FEDERAL WAY, Wash. (AP) — Four days a week this summer, lime green school buses loaded with games, books and computers rumbled through low-income neighborhoods south of Seattle. Their aim wasn't just to entertain kids — but to feed them.
"It's fun here," said 10-year-old Mia Tolo on a recent afternoon outside one such bus, where she played Chutes and Ladders with her friend Anita Velasco after they had pizza, bananas and milk.
Department of Agriculture officials and community leaders cite the rolling rec centers, covered in cartoon frogs, as a novel approach in the federal government's push to get meals to millions more schoolchildren when they need it most.
About 21 million U.S. students receive free or reduced-price lunches during the school year, but only a fraction of them, 3.5 million according to most recent statistics, are fed regularly over the summer.
"That's a drop in the bucket compared to how many need it," said Bill Ayres, executive director of Why Hunger, a nonprofit that works to expand food programs.
In recent years, the federal government has been pushing its spending toward mobile food programs, feeding hungry kids in parks, recreation centers and even their homes. There are now 42,000 sites that provide summer meals, and the 3,000 locations added this year represents the largest increase the program has seen, said Undersecretary Kevin Concannon, with the food and nutrition division of the USDA.
That growth came as Agriculture Secretary Tom Vilsack announced in June a goal of serving 5 million more meals to eligible youngsters this summer. Government officials said an assessment of that goal won't be available until at least next year, but officials pointed to the thousands of new sites as reasons for optimism.
In Federal Way, Wash., where more than half of the school district's 22,000 children receive free or reduced-price lunches, about 900 students receive meals at summer school programs and community centers. Another 400 were fed from the trio of FRED buses — for fun, read, eat, dream — roaming the city from Monday to Thursday each week.
The program, hailed for its approach, was paid for by about $40,000 in donations and a $34,000 grant from the federal government. Child welfare activists say it will take more such creativity to help additional students.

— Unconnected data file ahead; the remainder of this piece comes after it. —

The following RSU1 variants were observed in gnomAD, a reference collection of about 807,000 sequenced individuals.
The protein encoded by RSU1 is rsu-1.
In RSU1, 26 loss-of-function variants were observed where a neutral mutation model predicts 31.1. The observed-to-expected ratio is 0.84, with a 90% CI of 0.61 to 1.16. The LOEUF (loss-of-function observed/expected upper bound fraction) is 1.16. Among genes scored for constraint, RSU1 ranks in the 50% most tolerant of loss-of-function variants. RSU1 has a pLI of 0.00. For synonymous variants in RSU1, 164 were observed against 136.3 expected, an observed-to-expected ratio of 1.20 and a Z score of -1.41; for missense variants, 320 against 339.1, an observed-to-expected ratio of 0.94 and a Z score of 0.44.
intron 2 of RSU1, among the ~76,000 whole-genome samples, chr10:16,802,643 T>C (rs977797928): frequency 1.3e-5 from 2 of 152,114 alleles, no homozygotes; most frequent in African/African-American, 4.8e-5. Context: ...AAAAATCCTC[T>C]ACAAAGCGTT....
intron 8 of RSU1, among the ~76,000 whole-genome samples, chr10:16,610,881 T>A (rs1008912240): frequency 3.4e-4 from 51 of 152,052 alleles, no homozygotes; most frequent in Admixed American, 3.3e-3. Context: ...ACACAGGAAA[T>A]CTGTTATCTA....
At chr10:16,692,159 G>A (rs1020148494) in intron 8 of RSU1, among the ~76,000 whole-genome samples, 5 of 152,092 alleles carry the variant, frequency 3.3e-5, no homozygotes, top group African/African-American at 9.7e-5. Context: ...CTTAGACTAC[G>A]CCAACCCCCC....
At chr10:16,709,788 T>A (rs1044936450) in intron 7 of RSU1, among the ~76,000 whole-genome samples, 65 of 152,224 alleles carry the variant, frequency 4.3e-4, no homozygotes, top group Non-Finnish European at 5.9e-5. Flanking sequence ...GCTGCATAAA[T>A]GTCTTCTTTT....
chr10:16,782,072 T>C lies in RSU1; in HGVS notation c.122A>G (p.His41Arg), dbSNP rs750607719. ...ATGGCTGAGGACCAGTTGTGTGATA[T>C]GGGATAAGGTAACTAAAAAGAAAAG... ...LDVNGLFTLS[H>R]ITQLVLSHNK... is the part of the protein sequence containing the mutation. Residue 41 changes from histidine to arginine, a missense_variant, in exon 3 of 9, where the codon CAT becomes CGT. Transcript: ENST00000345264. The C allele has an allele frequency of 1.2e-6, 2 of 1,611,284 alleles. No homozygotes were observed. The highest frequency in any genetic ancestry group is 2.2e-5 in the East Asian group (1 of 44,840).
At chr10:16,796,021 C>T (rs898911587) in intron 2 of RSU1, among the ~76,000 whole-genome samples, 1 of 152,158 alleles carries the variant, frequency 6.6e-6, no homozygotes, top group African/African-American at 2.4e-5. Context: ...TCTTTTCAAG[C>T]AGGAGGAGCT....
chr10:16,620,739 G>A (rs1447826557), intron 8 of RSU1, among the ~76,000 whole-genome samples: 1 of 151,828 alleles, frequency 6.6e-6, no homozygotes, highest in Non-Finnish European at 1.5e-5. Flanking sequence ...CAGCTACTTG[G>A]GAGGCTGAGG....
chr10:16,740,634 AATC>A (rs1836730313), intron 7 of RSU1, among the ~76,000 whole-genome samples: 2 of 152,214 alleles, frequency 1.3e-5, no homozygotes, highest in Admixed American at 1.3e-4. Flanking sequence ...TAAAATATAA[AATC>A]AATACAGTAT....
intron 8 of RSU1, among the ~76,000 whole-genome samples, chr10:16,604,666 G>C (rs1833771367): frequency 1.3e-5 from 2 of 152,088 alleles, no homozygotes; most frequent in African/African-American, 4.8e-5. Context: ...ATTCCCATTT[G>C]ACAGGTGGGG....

"We need to innovate," said Bill Shore, who leads Share our Strength, another nonprofit working with the USDA.
Among other programs, the USDA is experimenting with debit cards that give kids up to $60 a month to buy food at grocery stores over the summer. Officials also are encouraging more churches, camps and community groups to start their own meal programs, with federal money paying for setup costs and food.
"The challenge is across the United States, the time of year an American child is most likely to go hungry is the summertime," said Concannon, of the USDA.
The USDA also has worked to improve access by helping parents find summer food programs through a new text-messaging service and a toll-free number.
The Federal Way School District believes its approach — combining activities, technology and food — is something that can become a model for wider use.
"The parents are drawn to the food," said Chrissy Hart, 20, a United Way intern who grew up in Washington state, "and the kids are drawn to the activities."
As Mia and Anita, the rising fifth-graders, played their board game, others gathered at a table to color and read. Some kids, meanwhile, kicked around a soccer ball as others played on laptop computers with Internet access inside the bus.
Jeanette Borchers, who brings her two children to the bus for lunch and stays to help, said the summer program fills essential needs.
"I think it's fantastic," she said. "It really is a good community thing."
Contact Donna Blankinship at https://twitter.com/dgblankinship